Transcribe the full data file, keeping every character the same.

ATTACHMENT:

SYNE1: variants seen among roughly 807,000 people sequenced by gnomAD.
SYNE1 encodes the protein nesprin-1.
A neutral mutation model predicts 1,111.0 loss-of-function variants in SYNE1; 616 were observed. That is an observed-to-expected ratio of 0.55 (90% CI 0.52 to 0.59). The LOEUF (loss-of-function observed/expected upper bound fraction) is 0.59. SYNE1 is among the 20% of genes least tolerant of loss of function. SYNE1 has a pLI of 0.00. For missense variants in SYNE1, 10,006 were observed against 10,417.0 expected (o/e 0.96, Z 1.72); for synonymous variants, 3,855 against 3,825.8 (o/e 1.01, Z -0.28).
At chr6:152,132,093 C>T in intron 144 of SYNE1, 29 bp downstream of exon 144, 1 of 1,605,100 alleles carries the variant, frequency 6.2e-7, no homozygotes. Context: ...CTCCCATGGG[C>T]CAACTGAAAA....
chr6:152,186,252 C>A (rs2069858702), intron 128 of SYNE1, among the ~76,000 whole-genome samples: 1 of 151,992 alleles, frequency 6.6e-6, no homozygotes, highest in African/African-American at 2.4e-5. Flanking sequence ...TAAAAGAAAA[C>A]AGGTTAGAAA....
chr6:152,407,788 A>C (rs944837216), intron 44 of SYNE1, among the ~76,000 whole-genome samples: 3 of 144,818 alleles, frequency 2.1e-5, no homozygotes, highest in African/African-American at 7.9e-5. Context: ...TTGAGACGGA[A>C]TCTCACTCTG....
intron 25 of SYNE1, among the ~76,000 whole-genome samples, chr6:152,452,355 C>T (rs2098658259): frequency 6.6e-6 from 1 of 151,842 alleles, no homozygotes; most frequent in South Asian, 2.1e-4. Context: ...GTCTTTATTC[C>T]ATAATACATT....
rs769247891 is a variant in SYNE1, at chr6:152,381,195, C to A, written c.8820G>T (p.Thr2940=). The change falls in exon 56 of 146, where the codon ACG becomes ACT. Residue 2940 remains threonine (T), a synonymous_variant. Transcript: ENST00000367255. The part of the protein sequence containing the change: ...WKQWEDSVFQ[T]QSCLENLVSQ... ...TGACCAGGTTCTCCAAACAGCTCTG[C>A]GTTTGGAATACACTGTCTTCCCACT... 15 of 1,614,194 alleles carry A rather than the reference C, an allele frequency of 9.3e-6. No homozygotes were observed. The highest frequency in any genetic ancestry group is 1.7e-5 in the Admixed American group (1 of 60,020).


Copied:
SYNE1: variants seen among roughly 807,000 people sequenced by gnomAD.
SYNE1 encodes the protein nesprin-1.
A neutral mutation model predicts 1,111.0 loss-of-function variants in SYNE1; 616 were observed. That is an observed-to-expected ratio of 0.55 (90% CI 0.52 to 0.59). The LOEUF (loss-of-function observed/expected upper bound fraction) is 0.59. SYNE1 is among the 20% of genes least tolerant of loss of function. SYNE1 has a pLI of 0.00. For missense variants in SYNE1, 10,006 were observed against 10,417.0 expected (o/e 0.96, Z 1.72); for synonymous variants, 3,855 against 3,825.8 (o/e 1.01, Z -0.28).
At chr6:152,132,093 C>T in intron 144 of SYNE1, 29 bp downstream of exon 144, 1 of 1,605,100 alleles carries the variant, frequency 6.2e-7, no homozygotes. Context: ...CTCCCATGGG[C>T]CAACTGAAAA....
chr6:152,186,252 C>A (rs2069858702), intron 128 of SYNE1, among the ~76,000 whole-genome samples: 1 of 151,992 alleles, frequency 6.6e-6, no homozygotes, highest in African/African-American at 2.4e-5. Flanking sequence ...TAAAAGAAAA[C>A]AGGTTAGAAA....
chr6:152,407,788 A>C (rs944837216), intron 44 of SYNE1, among the ~76,000 whole-genome samples: 3 of 144,818 alleles, frequency 2.1e-5, no homozygotes, highest in African/African-American at 7.9e-5. Context: ...TTGAGACGGA[A>C]TCTCACTCTG....
intron 25 of SYNE1, among the ~76,000 whole-genome samples, chr6:152,452,355 C>T (rs2098658259): frequency 6.6e-6 from 1 of 151,842 alleles, no homozygotes; most frequent in South Asian, 2.1e-4. Context: ...GTCTTTATTC[C>T]ATAATACATT....
rs769247891 is a variant in SYNE1, at chr6:152,381,195, C to A, written c.8820G>T (p.Thr2940=). The change falls in exon 56 of 146, where the codon ACG becomes ACT. Residue 2940 remains threonine (T), a synonymous_variant. Transcript: ENST00000367255. The part of the protein sequence containing the change: ...WKQWEDSVFQ[T]QSCLENLVSQ... ...TGACCAGGTTCTCCAAACAGCTCTG[C>A]GTTTGGAATACACTGTCTTCCCACT... 15 of 1,614,194 alleles carry A rather than the reference C, an allele frequency of 9.3e-6. No homozygotes were observed. The highest frequency in any genetic ancestry group is 1.7e-5 in the Admixed American group (1 of 60,020).